To summarize, three techniques to monitor respiration and sounds for livestock animals were synthesized from the research literature: traditional (human observation), contact methods (physical interaction), and non-contact methods (non-physical interaction). The current state of each of these three technique categories was surveyed for 23 different studies. The most significant finding from this work is the inconsistency in reporting of important study data (e.g., distance of camera from animals in camera-based studies) and the comparison of new methods against traditional or other established approaches. This suggests there might be suboptimal understanding and an inherent inability to make comparisons when new methods for monitoring respiration and sounds are proposed.

Observation of respiration rate and sounds in commercial livestock farms occurred most commonly through direct human observation. Additional equipment usage was minimal but this also requires an opportunity cost of time expended by the observer as well intermittent and transient observation points when compared against continuous monitoring techniques. Additional training requirements were also found to be necessary for human observers which might lead to errors through either misinterpretations or inconsistencies among observations.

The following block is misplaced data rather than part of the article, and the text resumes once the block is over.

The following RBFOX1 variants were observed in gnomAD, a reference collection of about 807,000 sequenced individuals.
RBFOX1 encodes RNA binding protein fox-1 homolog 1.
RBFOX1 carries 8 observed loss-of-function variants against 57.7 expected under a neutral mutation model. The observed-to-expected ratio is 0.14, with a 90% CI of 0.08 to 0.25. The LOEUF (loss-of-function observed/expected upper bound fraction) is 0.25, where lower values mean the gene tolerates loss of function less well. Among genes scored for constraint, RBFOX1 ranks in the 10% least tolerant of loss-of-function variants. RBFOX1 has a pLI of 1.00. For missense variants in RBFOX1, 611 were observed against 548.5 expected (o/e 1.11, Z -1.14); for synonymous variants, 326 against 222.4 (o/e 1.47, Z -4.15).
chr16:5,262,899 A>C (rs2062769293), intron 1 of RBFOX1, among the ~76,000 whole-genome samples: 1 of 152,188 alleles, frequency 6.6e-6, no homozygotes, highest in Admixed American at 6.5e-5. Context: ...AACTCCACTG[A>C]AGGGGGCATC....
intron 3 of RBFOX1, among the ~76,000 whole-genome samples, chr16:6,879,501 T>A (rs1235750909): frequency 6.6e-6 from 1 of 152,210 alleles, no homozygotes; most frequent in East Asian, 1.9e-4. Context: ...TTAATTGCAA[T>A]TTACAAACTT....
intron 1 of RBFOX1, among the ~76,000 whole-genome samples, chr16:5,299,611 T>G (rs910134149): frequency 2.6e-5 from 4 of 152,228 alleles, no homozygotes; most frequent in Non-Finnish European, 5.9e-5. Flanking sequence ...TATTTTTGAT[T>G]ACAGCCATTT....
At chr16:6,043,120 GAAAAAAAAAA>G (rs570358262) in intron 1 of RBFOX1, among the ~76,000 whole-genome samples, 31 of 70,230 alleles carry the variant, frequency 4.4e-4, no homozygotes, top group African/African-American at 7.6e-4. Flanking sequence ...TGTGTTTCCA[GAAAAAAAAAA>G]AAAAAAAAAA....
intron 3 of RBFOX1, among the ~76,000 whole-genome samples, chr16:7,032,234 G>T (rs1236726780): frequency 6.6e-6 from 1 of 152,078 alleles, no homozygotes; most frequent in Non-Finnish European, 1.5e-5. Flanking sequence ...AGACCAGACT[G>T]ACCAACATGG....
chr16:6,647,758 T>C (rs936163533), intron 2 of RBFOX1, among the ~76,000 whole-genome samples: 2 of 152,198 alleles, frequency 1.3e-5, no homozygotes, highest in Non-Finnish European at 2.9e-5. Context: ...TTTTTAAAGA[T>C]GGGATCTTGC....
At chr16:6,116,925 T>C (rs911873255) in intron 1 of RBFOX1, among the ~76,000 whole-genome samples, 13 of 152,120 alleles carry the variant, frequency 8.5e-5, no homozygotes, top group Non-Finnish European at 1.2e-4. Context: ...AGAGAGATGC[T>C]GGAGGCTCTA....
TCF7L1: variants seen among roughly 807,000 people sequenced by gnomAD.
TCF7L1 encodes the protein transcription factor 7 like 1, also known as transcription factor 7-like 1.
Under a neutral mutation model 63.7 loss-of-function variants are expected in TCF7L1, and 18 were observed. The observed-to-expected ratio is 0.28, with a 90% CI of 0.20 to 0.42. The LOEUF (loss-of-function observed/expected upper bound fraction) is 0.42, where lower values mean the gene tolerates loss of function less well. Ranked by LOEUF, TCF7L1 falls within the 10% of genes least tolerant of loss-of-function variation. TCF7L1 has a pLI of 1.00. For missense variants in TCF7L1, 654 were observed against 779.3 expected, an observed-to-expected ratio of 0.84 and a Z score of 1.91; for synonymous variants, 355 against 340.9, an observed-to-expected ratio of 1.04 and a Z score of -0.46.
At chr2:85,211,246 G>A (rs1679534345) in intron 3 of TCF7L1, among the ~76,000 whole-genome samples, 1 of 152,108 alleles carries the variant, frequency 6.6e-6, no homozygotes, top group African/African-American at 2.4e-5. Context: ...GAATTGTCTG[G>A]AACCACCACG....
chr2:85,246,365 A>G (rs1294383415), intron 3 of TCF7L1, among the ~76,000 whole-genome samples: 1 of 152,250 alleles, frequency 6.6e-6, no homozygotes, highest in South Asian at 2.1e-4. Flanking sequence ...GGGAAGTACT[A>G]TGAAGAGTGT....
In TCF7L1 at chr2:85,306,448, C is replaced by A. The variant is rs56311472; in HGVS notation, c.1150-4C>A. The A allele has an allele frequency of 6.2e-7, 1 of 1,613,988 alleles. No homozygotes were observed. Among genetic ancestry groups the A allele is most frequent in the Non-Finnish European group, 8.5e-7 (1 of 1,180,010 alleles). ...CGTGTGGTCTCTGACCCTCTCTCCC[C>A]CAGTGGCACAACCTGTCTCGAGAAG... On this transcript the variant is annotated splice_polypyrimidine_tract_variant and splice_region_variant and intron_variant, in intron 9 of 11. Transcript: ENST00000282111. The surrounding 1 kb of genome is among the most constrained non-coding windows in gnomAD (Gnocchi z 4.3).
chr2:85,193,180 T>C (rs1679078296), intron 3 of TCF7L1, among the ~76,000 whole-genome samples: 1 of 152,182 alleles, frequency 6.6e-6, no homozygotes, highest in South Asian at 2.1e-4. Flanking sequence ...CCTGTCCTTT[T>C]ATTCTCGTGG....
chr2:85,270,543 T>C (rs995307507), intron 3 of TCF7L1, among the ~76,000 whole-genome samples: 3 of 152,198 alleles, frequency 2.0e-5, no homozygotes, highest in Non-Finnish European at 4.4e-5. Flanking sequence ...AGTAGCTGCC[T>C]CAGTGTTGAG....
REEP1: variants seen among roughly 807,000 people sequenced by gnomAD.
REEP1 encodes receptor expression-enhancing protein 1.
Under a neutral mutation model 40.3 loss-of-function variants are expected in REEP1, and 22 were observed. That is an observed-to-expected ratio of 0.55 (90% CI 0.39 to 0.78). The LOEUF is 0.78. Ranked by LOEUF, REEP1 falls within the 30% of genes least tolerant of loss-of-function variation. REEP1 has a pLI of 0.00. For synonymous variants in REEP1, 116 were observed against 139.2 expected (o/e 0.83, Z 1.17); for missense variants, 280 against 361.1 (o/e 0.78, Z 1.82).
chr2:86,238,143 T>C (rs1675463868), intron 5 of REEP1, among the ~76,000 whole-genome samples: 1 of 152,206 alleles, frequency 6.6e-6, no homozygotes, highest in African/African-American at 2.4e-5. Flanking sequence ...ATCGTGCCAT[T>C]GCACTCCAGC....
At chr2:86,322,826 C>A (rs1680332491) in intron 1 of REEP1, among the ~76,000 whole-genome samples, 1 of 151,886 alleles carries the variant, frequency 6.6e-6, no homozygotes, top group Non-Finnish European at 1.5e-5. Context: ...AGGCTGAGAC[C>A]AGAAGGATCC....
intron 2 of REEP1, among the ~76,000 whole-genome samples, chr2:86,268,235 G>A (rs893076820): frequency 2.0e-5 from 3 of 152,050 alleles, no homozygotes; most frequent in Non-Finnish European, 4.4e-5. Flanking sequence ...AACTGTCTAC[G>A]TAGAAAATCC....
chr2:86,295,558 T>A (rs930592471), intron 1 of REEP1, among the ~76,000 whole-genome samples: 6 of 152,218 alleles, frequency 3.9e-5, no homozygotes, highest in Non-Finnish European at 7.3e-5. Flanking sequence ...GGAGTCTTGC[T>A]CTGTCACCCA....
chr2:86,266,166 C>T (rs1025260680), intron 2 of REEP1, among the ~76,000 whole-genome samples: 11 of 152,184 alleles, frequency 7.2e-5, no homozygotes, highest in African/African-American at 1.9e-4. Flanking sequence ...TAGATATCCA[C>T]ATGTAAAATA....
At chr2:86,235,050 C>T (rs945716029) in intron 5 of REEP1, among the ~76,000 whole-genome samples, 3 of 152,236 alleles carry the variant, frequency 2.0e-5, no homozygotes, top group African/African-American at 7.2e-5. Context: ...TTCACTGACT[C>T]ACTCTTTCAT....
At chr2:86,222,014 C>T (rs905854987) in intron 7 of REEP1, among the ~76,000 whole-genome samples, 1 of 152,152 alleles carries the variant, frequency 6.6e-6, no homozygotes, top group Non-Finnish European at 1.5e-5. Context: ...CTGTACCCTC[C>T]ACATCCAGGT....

The deployment of both contact and non-contact sensor technologies can be impacted by the environment in which they are placed. Common occurrences in livestock production facilities are dust and moisture, both of which can impact electronic and optics of these sensors. Similar to the considerations for livestock size and housing practices, so too much the type of animals and how they are housed be considered due to the different wants an animal might behaviorally interact with a sensor (e.g., chewing or biting). But in this comparison, when considering contact and non-contact technologies, non-contact sensors (cameras) would help resolve many of these issues since they could be more remotely located from the animals.

One area of concern in comparing techniques across multiple types of livestock is reconciling differences in animal physiology and the layout of production facilities. For example, cattle and swine are different in size and might be housed in different numbers in a production facility; this might result in the need for different techniques in the observation approaches. However, the main responsibility of the observer, human or artificial, for all livestock and facilities includes data acquisition for decision-making, providing a commonality for comparisons.